Torture does occur in Europe, according to a Council of Europe committee report. And not enough is being done against it. But how can torture be substantiated, especially when elusive psychological torture is employed?
There is no torture in Europe - and if there were, that would be an exception, or the one-off act of a single person. That could be the quick answer of a European citizen if asked about the human rights situation on the continent. But it would not be quite correct - even the existence of the European Committee for the Prevention of Torture and Inhuman or Degrading Treatment or Punishment, or CPT, proves this.
As the committee's title implies, torture is not defined only by physical abuse - the term is understood far more broadly. This year, the committee carried out investigations in 14 European countries, and traveled twice to Turkey. Most recently, it examined prison conditions in Ukraine and the deportation of "undesired foreigners" in the Netherlands.
Abuse and apathy
On Wednesday (06.11.2013) in Strasbourg, the CPT presented a report on its work from August 2012 to July 2013. The committee regularly checks the prison facilities of all countries represented in the Council of Europe - at the moment, there are 47.
Jean-Pierre Restellini, a medical doctor with the CPT, summarized the report's findings: the situation is not satisfactory in any European country. "Even in the civilized countries of Western Europe, there are shortcomings," Restellini said.
The CPT does not, however, name the countries that have especially poor human rights situations - confidentiality is required in order for the committee to carry out its monitoring unhindered.
The most common problems involve the arrest and questioning of suspects. Whether they are in custody during an investigation or in confinement after having been convicted, they are not safe - also from other prisoners, according to Restellini.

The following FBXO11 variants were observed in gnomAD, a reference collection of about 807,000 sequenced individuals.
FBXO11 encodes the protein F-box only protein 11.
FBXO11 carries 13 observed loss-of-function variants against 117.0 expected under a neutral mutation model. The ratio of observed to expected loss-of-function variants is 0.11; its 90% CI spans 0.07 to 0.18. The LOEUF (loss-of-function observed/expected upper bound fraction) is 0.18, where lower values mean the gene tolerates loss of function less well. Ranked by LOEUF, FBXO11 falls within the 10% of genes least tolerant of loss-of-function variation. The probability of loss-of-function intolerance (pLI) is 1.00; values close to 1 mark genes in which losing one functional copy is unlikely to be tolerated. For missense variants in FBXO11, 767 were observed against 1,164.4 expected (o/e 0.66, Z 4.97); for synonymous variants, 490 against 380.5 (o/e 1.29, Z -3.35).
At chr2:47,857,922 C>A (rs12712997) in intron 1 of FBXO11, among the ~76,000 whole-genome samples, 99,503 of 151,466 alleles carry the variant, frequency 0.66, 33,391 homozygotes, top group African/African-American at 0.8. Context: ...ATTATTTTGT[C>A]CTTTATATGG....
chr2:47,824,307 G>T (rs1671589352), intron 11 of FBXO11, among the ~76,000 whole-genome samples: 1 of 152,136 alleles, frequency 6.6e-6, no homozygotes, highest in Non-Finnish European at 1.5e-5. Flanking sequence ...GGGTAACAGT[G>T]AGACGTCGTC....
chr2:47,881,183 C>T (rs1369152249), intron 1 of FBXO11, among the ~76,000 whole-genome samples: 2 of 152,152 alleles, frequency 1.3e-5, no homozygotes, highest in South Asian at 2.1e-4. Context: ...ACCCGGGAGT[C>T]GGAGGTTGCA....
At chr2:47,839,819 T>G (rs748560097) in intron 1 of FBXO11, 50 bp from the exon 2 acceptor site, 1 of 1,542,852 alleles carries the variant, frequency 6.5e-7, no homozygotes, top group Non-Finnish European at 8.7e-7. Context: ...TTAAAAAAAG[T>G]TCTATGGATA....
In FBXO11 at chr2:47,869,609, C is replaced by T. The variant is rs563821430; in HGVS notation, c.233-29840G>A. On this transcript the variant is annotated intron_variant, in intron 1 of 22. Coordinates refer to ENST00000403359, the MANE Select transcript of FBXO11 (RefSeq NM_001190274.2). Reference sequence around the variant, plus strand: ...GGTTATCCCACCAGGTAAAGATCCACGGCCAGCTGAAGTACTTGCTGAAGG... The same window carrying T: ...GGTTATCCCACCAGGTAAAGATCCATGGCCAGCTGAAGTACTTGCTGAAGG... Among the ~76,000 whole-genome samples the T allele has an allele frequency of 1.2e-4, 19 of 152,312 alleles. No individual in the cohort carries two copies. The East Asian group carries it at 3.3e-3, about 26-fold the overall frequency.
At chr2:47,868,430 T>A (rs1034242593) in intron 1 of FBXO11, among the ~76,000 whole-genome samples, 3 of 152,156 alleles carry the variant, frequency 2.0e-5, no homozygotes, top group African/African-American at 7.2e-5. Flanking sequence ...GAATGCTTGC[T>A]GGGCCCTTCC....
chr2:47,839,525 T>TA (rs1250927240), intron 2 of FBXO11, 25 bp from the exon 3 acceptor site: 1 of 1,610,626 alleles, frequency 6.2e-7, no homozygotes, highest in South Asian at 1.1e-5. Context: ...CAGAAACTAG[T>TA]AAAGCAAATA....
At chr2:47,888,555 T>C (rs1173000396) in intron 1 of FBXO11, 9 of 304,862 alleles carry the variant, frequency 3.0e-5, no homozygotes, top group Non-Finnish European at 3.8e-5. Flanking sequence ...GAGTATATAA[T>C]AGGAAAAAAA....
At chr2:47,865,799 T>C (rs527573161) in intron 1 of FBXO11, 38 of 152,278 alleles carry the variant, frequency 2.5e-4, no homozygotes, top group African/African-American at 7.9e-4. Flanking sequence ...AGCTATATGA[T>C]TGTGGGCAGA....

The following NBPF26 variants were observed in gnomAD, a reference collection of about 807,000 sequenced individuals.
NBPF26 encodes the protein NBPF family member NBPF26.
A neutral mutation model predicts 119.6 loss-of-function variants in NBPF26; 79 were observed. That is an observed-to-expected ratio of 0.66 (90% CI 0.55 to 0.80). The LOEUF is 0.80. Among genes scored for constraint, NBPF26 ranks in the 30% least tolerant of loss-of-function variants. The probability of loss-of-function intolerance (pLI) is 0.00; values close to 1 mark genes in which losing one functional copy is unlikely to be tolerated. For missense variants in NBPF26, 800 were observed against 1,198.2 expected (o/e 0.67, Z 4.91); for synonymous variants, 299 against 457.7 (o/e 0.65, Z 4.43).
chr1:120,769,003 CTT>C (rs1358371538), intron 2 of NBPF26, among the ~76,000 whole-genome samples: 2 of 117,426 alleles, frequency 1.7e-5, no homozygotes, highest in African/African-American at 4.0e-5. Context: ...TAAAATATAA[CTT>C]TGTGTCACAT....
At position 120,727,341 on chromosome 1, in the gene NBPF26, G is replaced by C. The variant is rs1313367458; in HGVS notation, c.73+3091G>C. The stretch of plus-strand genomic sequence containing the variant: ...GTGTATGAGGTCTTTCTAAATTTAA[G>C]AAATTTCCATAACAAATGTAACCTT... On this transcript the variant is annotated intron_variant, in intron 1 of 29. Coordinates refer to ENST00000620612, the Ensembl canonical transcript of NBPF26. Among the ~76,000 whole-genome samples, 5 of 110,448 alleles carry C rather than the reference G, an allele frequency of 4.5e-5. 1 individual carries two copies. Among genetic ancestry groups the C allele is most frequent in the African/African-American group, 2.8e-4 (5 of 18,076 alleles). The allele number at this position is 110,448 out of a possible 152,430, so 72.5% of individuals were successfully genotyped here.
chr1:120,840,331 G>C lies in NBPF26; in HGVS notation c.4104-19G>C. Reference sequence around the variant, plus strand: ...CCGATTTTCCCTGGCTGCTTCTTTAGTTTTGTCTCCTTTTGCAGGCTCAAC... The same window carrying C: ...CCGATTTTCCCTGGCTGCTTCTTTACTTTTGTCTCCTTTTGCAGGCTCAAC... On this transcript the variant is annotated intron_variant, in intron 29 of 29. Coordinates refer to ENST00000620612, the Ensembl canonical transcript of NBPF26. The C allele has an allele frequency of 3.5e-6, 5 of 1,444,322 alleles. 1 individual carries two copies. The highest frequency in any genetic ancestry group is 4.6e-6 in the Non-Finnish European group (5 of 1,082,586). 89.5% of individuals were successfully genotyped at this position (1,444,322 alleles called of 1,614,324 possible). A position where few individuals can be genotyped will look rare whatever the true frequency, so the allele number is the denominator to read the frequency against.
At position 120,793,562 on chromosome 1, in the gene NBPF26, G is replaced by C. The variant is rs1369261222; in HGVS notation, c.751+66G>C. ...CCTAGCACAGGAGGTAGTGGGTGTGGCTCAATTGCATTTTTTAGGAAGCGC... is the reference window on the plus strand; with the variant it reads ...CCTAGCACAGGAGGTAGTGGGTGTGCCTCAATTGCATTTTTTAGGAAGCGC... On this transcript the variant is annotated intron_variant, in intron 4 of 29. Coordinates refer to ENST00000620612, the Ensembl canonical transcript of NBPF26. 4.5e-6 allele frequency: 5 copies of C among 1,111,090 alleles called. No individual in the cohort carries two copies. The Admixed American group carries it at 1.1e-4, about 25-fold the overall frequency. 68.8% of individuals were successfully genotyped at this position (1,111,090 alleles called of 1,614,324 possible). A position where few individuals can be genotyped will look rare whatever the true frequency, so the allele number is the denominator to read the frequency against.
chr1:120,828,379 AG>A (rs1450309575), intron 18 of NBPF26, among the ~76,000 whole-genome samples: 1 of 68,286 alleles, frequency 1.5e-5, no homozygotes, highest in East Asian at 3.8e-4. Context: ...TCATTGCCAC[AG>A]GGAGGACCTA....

In addition, Restellini said that he encountered doctors who were apathetic about the suffering of torture victims, who were only given "downright superficial" examinations. Some doctors were apparently not even able to identify the signs of torture at all.
Regardless of this, Restellini also stressed that in some places, including Russia, he saw prisons in which the medical records were kept with "exemplary thoroughness."
The CPT has called for more thorough investigation into abuse of prisoners in all of Europe's prisons. But prison doctors face yet another problem: that skillfully done torture leaves no traces.
Elise Bittenbinder, who works with the human rights organization Xenion, which offers psychological help for the politically persecuted, told DW a few things she's learned in her work with the victims of torture.
"Middle Ages torture methods like thumb screws are being used less often, because such methods can be proven to have taken place," Bittenbinder said. More often, so-called 'white torture' is used, which involves psychological abuse.
"Psychological torture - the distress that's associated with it, or the fear that results - is much harder to prove," Bittenbinder said.
Burden of proof on the state?
Not only prisoners have a hard time proving that they were tortured - refugees have perhaps an even harder time of it. If they apply for asylum on the grounds of torture, they have to provide proof of this - in a foreign country and in a foreign language.
Bernd Mesovic of the Pro Asylum group in Germany sees this in his daily work. He thinks government agencies need to get involved by lifting the burden of proving torture from the refugees. The agencies should more often be the ones investigating whether the applicant was in fact tortured, he said.
Jörg Pont, a professor who worked as a prison doctor, is skeptical that this would work. He said that if government agencies were to make a government doctor in charge of such investigations, that could lead to problems.
"If the victim was tortured by someone in an official position and then along comes a doctor who is also an official, then mistrust could quickly rise," Pont said.
Bittenbinder also has her doubts about this solution. She said it must be remembered that torture victims are often traumatized. "If they were required to undergo such an examination, they could prefer to be left in peace because they no longer want to think about it," she said.
Bittenbinder pointed out that this would have a deterrent effect: "The people would be required to do something they really are not able to do."
All the experts agree, however, that there are not enough doctors qualified to handle torture victims. "I would like," said Pont, "that more colleagues get involved with this problem; that they are trained in interviewing torture victims and learn to document these cases precisely. They must be trained to have these skills."